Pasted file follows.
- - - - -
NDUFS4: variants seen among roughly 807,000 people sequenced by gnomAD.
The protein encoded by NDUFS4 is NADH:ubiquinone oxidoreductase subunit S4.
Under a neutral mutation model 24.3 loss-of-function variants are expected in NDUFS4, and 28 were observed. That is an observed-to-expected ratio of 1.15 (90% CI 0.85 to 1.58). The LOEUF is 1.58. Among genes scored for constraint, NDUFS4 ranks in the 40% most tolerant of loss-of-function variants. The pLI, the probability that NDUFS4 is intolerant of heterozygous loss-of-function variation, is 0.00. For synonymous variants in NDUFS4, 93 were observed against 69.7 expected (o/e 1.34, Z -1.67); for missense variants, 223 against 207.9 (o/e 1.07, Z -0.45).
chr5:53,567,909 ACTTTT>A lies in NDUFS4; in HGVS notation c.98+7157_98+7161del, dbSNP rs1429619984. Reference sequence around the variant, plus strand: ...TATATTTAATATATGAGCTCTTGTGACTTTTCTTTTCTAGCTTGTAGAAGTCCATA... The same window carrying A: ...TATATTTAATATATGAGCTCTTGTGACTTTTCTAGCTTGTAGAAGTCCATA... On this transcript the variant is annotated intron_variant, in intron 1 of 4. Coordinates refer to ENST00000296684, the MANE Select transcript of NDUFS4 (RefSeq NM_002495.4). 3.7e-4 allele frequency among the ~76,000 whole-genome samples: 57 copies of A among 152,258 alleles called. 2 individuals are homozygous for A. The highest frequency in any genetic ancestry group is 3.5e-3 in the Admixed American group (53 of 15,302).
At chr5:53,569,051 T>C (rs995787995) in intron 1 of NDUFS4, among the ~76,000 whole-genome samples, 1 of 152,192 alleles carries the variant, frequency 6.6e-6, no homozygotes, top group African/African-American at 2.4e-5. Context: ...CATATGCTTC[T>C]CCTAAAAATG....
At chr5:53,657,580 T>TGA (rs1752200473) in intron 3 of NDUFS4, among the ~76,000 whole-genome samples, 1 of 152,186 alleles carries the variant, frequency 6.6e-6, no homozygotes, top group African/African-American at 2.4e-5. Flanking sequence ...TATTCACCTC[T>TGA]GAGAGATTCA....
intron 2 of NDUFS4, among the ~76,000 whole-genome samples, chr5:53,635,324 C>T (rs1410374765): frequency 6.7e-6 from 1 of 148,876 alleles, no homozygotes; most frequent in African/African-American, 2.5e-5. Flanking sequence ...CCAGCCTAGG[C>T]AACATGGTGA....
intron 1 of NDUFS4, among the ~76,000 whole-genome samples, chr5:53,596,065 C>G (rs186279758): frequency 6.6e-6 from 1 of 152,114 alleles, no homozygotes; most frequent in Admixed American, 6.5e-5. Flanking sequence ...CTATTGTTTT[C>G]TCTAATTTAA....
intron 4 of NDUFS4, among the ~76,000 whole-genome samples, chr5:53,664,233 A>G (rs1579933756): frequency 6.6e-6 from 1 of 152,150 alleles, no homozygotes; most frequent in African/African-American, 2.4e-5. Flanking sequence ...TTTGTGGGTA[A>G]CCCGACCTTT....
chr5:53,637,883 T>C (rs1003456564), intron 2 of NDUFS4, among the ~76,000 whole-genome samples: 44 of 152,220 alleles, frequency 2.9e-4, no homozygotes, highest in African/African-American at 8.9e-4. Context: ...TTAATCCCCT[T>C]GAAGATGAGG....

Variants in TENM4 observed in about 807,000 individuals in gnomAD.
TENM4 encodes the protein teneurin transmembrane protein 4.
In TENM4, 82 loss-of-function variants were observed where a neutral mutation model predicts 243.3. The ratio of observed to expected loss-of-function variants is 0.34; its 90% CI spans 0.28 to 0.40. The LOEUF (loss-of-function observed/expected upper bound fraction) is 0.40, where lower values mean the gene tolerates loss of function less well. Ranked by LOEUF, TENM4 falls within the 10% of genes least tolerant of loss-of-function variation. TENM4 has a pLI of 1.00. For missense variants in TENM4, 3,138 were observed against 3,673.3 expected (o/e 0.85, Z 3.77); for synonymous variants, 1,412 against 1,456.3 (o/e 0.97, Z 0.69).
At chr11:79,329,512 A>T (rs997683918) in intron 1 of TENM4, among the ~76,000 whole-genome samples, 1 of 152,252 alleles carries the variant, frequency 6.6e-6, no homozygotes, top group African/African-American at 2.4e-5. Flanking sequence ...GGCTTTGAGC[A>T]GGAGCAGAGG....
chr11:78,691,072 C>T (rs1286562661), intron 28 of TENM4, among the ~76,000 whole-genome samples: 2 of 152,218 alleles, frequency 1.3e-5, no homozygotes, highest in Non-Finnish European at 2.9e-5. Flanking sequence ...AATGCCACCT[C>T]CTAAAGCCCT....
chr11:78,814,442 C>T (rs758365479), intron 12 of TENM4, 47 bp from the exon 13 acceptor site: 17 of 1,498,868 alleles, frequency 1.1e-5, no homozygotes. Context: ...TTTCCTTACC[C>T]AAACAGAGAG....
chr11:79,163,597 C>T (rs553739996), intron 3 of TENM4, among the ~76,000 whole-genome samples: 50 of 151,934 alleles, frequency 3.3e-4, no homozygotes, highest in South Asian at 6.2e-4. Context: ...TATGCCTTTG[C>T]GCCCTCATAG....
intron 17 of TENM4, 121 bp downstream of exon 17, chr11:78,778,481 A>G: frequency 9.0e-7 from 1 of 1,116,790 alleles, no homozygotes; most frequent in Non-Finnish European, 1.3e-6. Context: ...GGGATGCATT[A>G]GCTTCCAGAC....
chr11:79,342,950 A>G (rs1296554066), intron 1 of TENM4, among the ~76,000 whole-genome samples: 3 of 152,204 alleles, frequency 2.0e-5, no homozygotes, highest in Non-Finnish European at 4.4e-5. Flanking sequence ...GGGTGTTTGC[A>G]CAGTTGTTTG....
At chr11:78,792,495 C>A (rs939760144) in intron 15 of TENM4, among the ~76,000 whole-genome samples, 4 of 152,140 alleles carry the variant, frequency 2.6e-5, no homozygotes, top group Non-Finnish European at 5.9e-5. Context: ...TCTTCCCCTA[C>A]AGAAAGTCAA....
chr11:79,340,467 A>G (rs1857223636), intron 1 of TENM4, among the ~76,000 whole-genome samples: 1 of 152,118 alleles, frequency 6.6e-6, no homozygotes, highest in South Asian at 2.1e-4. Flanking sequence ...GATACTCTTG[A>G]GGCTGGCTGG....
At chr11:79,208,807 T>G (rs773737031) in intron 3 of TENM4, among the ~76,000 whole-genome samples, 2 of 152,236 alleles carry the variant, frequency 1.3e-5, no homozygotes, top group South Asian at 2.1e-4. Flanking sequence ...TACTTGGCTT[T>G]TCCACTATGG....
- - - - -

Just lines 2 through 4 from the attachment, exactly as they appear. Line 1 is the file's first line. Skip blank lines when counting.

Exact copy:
The protein encoded by NDUFS4 is NADH:ubiquinone oxidoreductase subunit S4.
Under a neutral mutation model 24.3 loss-of-function variants are expected in NDUFS4, and 28 were observed. That is an observed-to-expected ratio of 1.15 (90% CI 0.85 to 1.58). The LOEUF is 1.58. Among genes scored for constraint, NDUFS4 ranks in the 40% most tolerant of loss-of-function variants. The pLI, the probability that NDUFS4 is intolerant of heterozygous loss-of-function variation, is 0.00. For synonymous variants in NDUFS4, 93 were observed against 69.7 expected (o/e 1.34, Z -1.67); for missense variants, 223 against 207.9 (o/e 1.07, Z -0.45).
chr5:53,567,909 ACTTTT>A lies in NDUFS4; in HGVS notation c.98+7157_98+7161del, dbSNP rs1429619984. Reference sequence around the variant, plus strand: ...TATATTTAATATATGAGCTCTTGTGACTTTTCTTTTCTAGCTTGTAGAAGTCCATA... The same window carrying A: ...TATATTTAATATATGAGCTCTTGTGACTTTTCTAGCTTGTAGAAGTCCATA... On this transcript the variant is annotated intron_variant, in intron 1 of 4. Coordinates refer to ENST00000296684, the MANE Select transcript of NDUFS4 (RefSeq NM_002495.4). 3.7e-4 allele frequency among the ~76,000 whole-genome samples: 57 copies of A among 152,258 alleles called. 2 individuals are homozygous for A. The highest frequency in any genetic ancestry group is 3.5e-3 in the Admixed American group (53 of 15,302).